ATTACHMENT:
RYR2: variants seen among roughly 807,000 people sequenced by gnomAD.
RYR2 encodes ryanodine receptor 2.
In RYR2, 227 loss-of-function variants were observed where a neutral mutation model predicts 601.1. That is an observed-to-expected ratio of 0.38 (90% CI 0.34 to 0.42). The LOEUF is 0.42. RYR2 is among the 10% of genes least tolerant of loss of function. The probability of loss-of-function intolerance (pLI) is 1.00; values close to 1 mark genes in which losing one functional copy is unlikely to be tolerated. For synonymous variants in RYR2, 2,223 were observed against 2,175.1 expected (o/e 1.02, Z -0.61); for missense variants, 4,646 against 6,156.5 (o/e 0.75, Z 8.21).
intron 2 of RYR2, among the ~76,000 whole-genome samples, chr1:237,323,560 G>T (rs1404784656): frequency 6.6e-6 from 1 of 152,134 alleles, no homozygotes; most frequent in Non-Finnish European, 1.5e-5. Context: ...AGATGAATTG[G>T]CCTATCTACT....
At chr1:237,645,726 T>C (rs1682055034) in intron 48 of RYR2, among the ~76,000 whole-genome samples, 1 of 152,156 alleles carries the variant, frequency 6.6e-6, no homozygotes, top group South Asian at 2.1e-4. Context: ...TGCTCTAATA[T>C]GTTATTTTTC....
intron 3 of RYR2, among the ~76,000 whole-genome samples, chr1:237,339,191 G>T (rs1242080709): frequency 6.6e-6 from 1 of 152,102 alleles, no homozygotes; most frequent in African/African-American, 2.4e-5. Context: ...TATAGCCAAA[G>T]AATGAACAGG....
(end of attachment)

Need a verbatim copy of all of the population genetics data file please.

RYR2: variants seen among roughly 807,000 people sequenced by gnomAD.
RYR2 encodes ryanodine receptor 2.
In RYR2, 227 loss-of-function variants were observed where a neutral mutation model predicts 601.1. That is an observed-to-expected ratio of 0.38 (90% CI 0.34 to 0.42). The LOEUF is 0.42. RYR2 is among the 10% of genes least tolerant of loss of function. The probability of loss-of-function intolerance (pLI) is 1.00; values close to 1 mark genes in which losing one functional copy is unlikely to be tolerated. For synonymous variants in RYR2, 2,223 were observed against 2,175.1 expected (o/e 1.02, Z -0.61); for missense variants, 4,646 against 6,156.5 (o/e 0.75, Z 8.21).
intron 2 of RYR2, among the ~76,000 whole-genome samples, chr1:237,323,560 G>T (rs1404784656): frequency 6.6e-6 from 1 of 152,134 alleles, no homozygotes; most frequent in Non-Finnish European, 1.5e-5. Context: ...AGATGAATTG[G>T]CCTATCTACT....
At chr1:237,645,726 T>C (rs1682055034) in intron 48 of RYR2, among the ~76,000 whole-genome samples, 1 of 152,156 alleles carries the variant, frequency 6.6e-6, no homozygotes, top group South Asian at 2.1e-4. Context: ...TGCTCTAATA[T>C]GTTATTTTTC....
intron 3 of RYR2, among the ~76,000 whole-genome samples, chr1:237,339,191 G>T (rs1242080709): frequency 6.6e-6 from 1 of 152,102 alleles, no homozygotes; most frequent in African/African-American, 2.4e-5. Context: ...TATAGCCAAA[G>T]AATGAACAGG....